We must allow ourselves to get outside the box and experiment with harmonies that are "wrong" according to music theory, but "right" according to our ears.  Our ears are the ultimate litmus test of right and wrong when it comes to music - not the academic rules set down in the universities and schools of music.

A pristine example of this is the bridge section of Stevie Wonder's song, Living For The City....

(click on the score below to see a larger image)

While Stevie Wonder obviously knew a great amount of music theory, this work of genius was not the result of analytical thinking driven by the brain.  It obviously had it roots in the artistic realm of the ears.  Yes, he had to KNOW how to make half-dininished chords and how to change meter.  Yes, it can be dissected and analyzed, but no comparable work of music will result from that.  Mr. Wonder obviously went outside the box of music theory and into the realm of wonder to find this melody and harmonize the descending bass line (G, F, E, Eb, Db, Cb, Bb, Ab, G) and unmistakable melody.  I can assure you that no music theory formula will generate the chord progression used in this piece of music.

So while music theory is valuable - extremely valuable - don't allow it to become your North Star in your journey thru the realm of music.  Dare to deviate from the well worn paths and experiment with ideas that are "wrong" according to theory.  You may well find some hidden treasures out there beyond the walls of the fortress of music theory.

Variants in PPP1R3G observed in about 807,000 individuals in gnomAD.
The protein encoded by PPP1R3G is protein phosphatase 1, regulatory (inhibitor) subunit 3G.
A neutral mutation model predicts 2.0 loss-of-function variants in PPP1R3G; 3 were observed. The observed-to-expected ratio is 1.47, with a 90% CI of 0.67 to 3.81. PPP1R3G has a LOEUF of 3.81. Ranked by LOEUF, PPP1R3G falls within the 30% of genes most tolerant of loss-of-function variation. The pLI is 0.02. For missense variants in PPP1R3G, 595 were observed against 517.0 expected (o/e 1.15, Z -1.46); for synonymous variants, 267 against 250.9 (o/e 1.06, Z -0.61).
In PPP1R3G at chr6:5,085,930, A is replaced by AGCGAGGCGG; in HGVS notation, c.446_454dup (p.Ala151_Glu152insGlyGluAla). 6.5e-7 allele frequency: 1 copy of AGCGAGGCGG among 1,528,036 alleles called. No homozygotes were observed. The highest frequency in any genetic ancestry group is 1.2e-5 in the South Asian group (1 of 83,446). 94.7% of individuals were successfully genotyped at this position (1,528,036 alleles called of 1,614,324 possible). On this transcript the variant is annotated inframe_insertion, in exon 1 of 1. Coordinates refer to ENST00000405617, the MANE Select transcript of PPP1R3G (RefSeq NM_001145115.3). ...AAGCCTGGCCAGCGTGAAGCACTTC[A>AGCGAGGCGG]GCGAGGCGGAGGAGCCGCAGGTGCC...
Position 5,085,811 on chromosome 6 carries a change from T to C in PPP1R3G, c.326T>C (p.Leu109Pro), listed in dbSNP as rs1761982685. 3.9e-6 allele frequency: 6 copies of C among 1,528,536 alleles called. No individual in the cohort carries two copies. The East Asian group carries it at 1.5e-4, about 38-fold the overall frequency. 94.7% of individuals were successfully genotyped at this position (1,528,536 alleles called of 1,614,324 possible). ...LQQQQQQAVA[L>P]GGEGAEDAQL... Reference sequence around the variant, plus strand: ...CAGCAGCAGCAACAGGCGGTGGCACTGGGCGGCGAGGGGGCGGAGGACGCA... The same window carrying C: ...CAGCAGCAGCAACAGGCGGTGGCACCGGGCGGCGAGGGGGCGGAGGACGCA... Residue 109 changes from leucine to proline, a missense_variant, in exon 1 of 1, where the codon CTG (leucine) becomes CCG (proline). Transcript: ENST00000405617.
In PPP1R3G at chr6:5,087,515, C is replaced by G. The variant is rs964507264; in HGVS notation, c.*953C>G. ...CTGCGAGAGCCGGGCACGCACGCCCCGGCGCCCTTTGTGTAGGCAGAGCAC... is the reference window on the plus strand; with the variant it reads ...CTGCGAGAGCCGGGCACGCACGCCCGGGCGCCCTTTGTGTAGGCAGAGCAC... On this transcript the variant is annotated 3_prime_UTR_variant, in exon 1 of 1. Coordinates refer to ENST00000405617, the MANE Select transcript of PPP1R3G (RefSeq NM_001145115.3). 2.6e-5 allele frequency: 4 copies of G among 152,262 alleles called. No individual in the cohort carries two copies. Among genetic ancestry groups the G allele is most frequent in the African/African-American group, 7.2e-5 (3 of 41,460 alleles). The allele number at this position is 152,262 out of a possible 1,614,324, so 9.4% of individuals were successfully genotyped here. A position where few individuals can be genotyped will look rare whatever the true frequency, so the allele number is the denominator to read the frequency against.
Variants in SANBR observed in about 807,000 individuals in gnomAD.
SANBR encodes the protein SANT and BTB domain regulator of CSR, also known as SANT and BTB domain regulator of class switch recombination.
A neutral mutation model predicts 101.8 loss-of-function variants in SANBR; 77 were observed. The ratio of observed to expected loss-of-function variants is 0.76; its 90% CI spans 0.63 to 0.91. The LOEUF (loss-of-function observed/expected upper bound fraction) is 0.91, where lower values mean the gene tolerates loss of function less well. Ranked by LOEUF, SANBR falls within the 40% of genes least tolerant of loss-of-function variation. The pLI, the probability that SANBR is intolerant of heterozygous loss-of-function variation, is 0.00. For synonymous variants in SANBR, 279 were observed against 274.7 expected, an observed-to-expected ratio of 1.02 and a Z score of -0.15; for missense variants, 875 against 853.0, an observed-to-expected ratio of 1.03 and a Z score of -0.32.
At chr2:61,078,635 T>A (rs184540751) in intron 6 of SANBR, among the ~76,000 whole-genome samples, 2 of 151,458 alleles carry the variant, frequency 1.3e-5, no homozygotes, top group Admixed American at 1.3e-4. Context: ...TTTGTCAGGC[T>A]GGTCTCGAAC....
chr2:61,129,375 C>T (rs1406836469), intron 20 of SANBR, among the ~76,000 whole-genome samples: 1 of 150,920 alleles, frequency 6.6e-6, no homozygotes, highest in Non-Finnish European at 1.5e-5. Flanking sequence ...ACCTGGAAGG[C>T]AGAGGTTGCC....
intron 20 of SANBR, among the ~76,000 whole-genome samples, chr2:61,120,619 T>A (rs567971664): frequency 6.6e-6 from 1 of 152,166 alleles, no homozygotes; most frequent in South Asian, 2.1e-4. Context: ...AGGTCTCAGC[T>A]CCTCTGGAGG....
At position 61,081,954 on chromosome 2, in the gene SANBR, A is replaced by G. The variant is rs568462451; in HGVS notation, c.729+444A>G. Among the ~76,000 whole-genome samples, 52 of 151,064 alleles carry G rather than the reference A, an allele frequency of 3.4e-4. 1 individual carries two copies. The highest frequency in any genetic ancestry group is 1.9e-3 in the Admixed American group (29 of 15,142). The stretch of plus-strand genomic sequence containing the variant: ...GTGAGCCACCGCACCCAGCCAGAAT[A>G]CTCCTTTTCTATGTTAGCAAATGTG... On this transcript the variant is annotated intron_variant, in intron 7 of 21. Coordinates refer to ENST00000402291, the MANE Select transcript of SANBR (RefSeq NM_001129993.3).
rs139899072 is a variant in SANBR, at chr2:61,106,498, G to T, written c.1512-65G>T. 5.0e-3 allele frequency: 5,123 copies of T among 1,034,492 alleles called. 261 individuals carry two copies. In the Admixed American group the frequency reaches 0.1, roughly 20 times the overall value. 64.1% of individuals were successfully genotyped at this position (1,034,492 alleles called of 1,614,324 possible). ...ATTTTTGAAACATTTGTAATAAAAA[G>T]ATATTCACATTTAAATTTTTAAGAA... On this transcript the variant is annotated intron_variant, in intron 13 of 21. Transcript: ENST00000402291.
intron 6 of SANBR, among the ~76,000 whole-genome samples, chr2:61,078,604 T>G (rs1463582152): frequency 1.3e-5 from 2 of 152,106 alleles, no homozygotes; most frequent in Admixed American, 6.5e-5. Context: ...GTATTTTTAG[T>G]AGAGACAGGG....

1. Interesting and provocative. Unfortunately, like the fictional adaption of Salieri in Amadeus, I do know what I like when I hear it but am at a loss to create anything of any great artist

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  4. Actually, the term "music theory" is a misnomer. What is generally studied and called music theory is fact, not theory. Learning what notes comprise a chord, chord progressions, how to harmonize, figured basses, etc. is all regarded as music theory, but fact, not theory. Where the theory of music comes in, is when regarding the psychological effect of chords, melodic sequences, etc. on individual listeners. I may enjoy dissonance and you may not. A certain chord progression may make me feel sad, whereas, it may make you feel a totally different way. Why that is so, is theory. It may have a certain effect most of the time, and learning how to effect listeners a certain way is theory. It may work a certain way most of the time and learning the rules is theory. But there are no set rules that work or don't work all of the time, and no one knows at the neurological level why this is true.

    But the misnomer of calling music theory thusly, when, in fact, it's just the rules and language of music, scares a lot of people away from learning to read music, understand chord structure, etc.

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  10. Brilliant and thought provoking. I started out my college career majoring in music and must say I didn’t just love the theory classes. Later I realized that familiarity with chord structure and standard progressions comes in very handy when hanging out with accomplished players and in that sense the theory made the music-making more enjoyable for me. Today I rely largely on my ear to learn or create new stuff, but the basic knowledge of theory continues to be a great foundation for the enjoyment factor.